Welcome... To Historic Downtown Nocona

Downtowns across the nation went through a period of abandoment in the 1980s and 1990s, for the most part, as businesses and people fled to other areas. A movement has been ongoing for more than a decade now as community leaders work to revive what some call their heartbeat.

  • Words by John Ingle, Photos by Torin Halsey
Nocona, about 45 minutes east of Wichita Falls, saw its downtown fall into disrepair in the '80s when stores and business started closing.
Dan Fenoglio (top left) and others are attributed for bringing back the heart of Nocona with multiple elegant restoration projects, bringing life back to the town in the 2000s. Other leaders of the restoration charge include Tony Dirker (top right), Rusty and Carolyn Fengolio (bottom left, pictured with Nocona Chamber board member Randy Duckworth) and Bob and Kristal Ferguson (bottom left).

For Fenoglio, his involvement with restoring downtown Nocona began after seeing local artist Tracy White purchase a downtown storefront to use as a residence and gallery. That led to Fenoglio buying an 1870s saloon in 2002 with the intent of honoring his grandfather. Daddy Sam's Bar & Restaurant - aka Daddy Sam's Saloon - kept the ambience of a Western bar.

Fenoglio later purchased the attached building south of Daddy Sam's - what used to be his grandfather's gorcery store decades ago - and named it Gertie's Dance Hall after his grandmother.

"The thing, I guess, that kind of got me was when I first started remodeling the buildings and stuff, people started bringing me pictures of how our thriving downtown looked and everything like that. It just kind of overwhelmed me because ... everybody just started bringing me old stuff that had something to do with Nocona." - Dan Fenoglio

It's one thing to get residents excited about the rebirth of a downtown area. It's another to get the buy-in from folks with no ties to the city whatsoever.

Tony Dirker and his wife Theresa are not native Noconans, but the warm, welcoming community has made the town feel like home to them ever since moving there in 2010.

The Dirkers have been heavily involved in Nocona since settling. Tony is a member of the Nocona Chamber of Commerce board of directors, and he and Theresa are making Theresa's dream of opening her own pizzeria, Red River Pizzeria, come true at the corner of Clay and West Elm streets.

Comfort, style and maybe a glass of wine can be found at Red River Station Inn, formerly the Nocona Inn. Bob and Kristal Ferguson, pictured here, have recreated the hotel with a creative and historict twist along with business partners, Rusty and Carolyn Fengolio.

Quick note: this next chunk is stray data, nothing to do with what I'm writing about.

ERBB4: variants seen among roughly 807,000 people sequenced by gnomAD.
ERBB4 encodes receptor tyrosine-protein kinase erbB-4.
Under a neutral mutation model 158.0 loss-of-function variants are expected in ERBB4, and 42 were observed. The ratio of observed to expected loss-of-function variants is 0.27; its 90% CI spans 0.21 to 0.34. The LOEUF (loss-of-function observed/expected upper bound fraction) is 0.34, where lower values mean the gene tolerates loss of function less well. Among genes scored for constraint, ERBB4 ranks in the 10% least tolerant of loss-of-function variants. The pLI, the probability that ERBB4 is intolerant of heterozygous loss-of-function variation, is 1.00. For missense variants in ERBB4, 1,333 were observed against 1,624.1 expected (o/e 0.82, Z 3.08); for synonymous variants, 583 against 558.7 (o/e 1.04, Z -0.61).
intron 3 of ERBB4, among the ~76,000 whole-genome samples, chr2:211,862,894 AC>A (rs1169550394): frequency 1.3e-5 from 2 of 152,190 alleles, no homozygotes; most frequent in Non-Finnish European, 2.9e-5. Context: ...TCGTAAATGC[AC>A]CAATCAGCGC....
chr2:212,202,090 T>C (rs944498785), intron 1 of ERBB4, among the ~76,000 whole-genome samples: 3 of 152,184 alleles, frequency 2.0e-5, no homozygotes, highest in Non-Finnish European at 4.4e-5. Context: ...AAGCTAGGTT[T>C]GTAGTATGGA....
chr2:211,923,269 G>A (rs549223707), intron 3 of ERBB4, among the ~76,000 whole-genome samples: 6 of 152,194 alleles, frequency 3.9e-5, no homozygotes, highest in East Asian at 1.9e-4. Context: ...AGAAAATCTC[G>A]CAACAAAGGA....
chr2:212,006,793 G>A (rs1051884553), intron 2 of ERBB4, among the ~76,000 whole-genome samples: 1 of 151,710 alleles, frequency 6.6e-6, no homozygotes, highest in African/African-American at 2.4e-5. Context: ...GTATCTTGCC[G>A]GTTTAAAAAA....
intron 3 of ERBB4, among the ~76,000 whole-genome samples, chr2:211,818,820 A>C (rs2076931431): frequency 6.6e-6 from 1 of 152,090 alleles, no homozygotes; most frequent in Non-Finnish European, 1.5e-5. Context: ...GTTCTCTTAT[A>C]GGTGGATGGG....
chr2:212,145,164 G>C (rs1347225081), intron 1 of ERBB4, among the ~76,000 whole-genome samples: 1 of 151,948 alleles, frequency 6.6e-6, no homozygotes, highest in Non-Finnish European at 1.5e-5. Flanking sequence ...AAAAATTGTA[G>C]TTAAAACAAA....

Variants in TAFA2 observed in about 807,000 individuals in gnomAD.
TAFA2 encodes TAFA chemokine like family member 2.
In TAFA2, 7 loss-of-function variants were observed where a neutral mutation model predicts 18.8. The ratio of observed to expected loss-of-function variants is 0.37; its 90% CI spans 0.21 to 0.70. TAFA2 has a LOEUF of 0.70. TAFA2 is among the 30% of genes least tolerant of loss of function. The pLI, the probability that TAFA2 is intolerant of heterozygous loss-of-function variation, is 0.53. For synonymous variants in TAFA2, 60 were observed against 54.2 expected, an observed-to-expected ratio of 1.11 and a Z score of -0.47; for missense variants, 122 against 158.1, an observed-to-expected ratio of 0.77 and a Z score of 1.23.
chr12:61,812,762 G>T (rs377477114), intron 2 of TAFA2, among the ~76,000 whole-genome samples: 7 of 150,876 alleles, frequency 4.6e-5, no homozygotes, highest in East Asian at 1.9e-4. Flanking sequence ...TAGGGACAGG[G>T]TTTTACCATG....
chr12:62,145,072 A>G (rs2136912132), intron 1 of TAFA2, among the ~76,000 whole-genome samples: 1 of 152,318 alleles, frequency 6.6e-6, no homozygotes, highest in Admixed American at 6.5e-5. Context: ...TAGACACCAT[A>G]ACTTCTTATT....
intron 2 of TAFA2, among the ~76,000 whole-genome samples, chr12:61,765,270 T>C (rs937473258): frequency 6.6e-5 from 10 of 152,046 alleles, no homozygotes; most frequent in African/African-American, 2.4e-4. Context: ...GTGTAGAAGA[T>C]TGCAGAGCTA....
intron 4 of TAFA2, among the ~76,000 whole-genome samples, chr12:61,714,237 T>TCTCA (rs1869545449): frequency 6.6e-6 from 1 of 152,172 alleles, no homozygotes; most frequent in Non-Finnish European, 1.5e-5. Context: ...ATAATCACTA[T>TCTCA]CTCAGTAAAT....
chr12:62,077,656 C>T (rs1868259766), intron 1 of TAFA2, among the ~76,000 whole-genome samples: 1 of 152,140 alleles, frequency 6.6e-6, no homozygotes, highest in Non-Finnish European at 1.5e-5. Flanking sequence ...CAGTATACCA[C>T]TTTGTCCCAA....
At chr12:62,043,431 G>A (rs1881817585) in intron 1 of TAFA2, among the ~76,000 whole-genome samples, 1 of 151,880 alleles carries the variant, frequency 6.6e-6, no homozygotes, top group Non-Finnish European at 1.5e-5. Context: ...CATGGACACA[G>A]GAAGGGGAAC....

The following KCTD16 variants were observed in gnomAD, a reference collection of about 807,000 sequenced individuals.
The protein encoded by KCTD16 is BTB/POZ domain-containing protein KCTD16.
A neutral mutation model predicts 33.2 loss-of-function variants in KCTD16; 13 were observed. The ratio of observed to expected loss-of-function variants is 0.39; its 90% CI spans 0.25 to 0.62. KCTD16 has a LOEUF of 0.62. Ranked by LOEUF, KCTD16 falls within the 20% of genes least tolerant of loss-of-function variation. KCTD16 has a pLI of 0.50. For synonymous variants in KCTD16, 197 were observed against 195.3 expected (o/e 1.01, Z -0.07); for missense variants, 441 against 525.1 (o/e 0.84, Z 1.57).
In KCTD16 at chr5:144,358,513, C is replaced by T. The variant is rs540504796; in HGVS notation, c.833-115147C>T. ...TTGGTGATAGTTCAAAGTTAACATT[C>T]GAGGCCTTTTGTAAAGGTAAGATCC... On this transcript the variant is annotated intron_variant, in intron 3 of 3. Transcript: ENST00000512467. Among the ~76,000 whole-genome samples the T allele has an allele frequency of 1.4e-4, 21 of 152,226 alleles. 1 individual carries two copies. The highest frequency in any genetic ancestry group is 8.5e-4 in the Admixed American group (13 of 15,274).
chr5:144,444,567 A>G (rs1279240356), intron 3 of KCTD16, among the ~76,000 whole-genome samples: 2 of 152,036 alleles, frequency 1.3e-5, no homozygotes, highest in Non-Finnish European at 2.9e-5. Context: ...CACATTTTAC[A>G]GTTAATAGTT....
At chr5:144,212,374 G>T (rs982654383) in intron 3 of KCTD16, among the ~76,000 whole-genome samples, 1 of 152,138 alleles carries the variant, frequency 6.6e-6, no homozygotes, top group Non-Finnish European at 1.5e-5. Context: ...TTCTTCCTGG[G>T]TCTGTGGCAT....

The "welcome home" atmosphere of Red River Station Inn has already drawn praise from patrons, and while they have not publicized they are open just yet, they've already had a couple of weekends where the inn has been booked.

One of the themed rooms in the Red River Station Inn highlights Jesse Chisolm and the Chisolm Trail, which passed through Nocona in its path between Texas and Kansas in the late 1800s.

Bob and Kristal's business partners, Rusty and Carolyn Fenoglio, also own the Nocona pharmacy, as well as the building with balcony seen in the background.

Brick trim and other architectural details, like those noted on the Fenoglio's pharmacy, have been restored or recreated to match designs of the downtown's original buildings.

Along with "a little patience and commitment," Nocona's downtown has become great again thanks, in part, to Pete and Barbara Horton, who have made their Bourbon Streetesque home in the heart of downtown.

The Hortons took interest in Nocona's Mardi Gras parade while visiting about four years ago.

The annual celebration has grown from just a few floats the first year, to well over 100 this past February.

Nocona Mardi Gras photos by Patrick Johnston

Peter Horton is also an avid auto enthusiast, and his classic car museum - The Horton Classic Car Museum - draws residents, tourists and auto clubs from all over.

A recent expansion to the building housing Horton's cars was made to accomodate the nearly 140 cars in his collection. It has resulted in Nocona being named the Classic Car Capitol of Texas.

For a long time, we never had anybody just walking up and down our street. Every day now we have couples walking up and down the street, visiting the car museum, eating at the restaurants." - Dan Fenoglio

The Vicari Auto Auction, with influence from Horton, has also become an annual weekend event in Nocona.

Thank you for visiting! Come back and see us soon

Created By
Orlando Flores Jr.
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Credits:

Torin Halsey

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